Travel to Toussaint for one last final adventure with the Witcher.
Saying goodbye is never easy. Just ask Geralt of Rivia who had to do it a number of times in The Witcher 3: Wild Hunt, regardless of the choices made. It’s going to be even tougher for fans of last year’s critically acclaimed open world action RPG to say goodbye to our favourite witcher. That being said, CD Projekt RED is preparing an amazing send-off for the White Wolf in Blood and Wine, releasing on May 31st for Xbox One, PS4 and PC. There’s plenty to look forward to including a new region Toussaint that’s just fraught with danger.
GamingBolt had a chance to speak to CD Projekt RED senior writer Karolina Stachyra about the various aspects of Blood and Wine, it’s overall length and what players can look forward to.
"Hearts of Stone was full of stuff a witcher would not normally do a wedding? Deals with the devil? Toussaint is kind of like that."
Several awards later, we are finally on to the last piece of content for what is this generation’s greatest game. How do you feel?
Karolina Stachyra: Flattered that you’re calling Wild Hunt this generation’s greatest game, that’s for sure! We feel great, it’s the last stretch, so we’re tired, but definitely feel great. Blood and Wine is Geralt’s final adventure, and we have some really awesome stuff up our sleeves to send him off with a bang!
With the support that Hearts of Stone received, what’s the current studio vibe with Blood and Wine? Did anything change in development or was there a desire to go even “bigger” than before?
Karolina Stachyra: Making Blood and Wine bigger than Hearts of Stone was the plan all along. When we announced the expansions way back, we estimated that Hearts of Stone would provide about 10 hours of content, and Blood and Wine would double that. I mean, we’re introducing a whole new region after all it needs to be filled with the stuff The Witcher fans love: quests, monster hunts and secrets when they’re on the road.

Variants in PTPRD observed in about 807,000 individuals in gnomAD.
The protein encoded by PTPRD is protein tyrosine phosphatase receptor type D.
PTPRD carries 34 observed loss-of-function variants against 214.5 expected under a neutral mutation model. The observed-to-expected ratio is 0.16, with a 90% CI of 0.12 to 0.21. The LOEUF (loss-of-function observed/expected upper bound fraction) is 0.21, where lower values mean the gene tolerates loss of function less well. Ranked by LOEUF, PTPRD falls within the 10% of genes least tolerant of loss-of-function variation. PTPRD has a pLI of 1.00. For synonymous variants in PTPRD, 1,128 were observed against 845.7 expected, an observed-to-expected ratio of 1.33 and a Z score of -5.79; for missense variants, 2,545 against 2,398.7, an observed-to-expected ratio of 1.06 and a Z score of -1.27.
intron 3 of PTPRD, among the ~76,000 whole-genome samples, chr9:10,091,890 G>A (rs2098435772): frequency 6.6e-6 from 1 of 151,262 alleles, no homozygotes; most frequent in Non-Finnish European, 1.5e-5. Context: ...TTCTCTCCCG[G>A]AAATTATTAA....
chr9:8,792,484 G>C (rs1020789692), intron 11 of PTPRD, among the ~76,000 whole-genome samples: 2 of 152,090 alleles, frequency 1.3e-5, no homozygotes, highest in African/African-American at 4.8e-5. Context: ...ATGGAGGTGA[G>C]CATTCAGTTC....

What can you tell us about Toussaint at this stage and how it will play into The Witcher 3‘s universe?
Karolina Stachyra: You know how we like to play with convention, right? Hearts of Stone was full of stuff a witcher would not normally do a wedding? Deals with the devil? Toussaint is kind of like that. It seemingly doesn’t fit The Witcher world it’s just so… happy. They don’t have an army, only wandering knights, they’re always drinking wine and not caring about anything, really. And this is where it gets twisted: death comes to the land of summer, things start happening, people are dying. Guess who they’re gonna call? And it’s only the tip of the iceberg.
With this a major new area for The Witcher 3, what kind of scale can players look forward to? Is it more along the lines of Velen or scattered like Skellige?
Karolina Stachyra: It’s going to be big. Remember the feeling you got when when it dawned on you Velen is not the only place you’ll traverse in Wild Hunt, when you saw Skellige? I’m not comparing both in sizes, just trying to work on your imagination. Hopefully, you’ll feel that again.
"One of the new mechanics that I like are witcher armor dyes. For me, being a witcher means always being on the road. You have your gear, your swords, your potions. It’s you and the unknown, right?"
Hearts of Stone was praised for the design of its side quests and story missions, especially with regards to their unique nature. What kind of unique scenarios can be expected in Blood and Wine?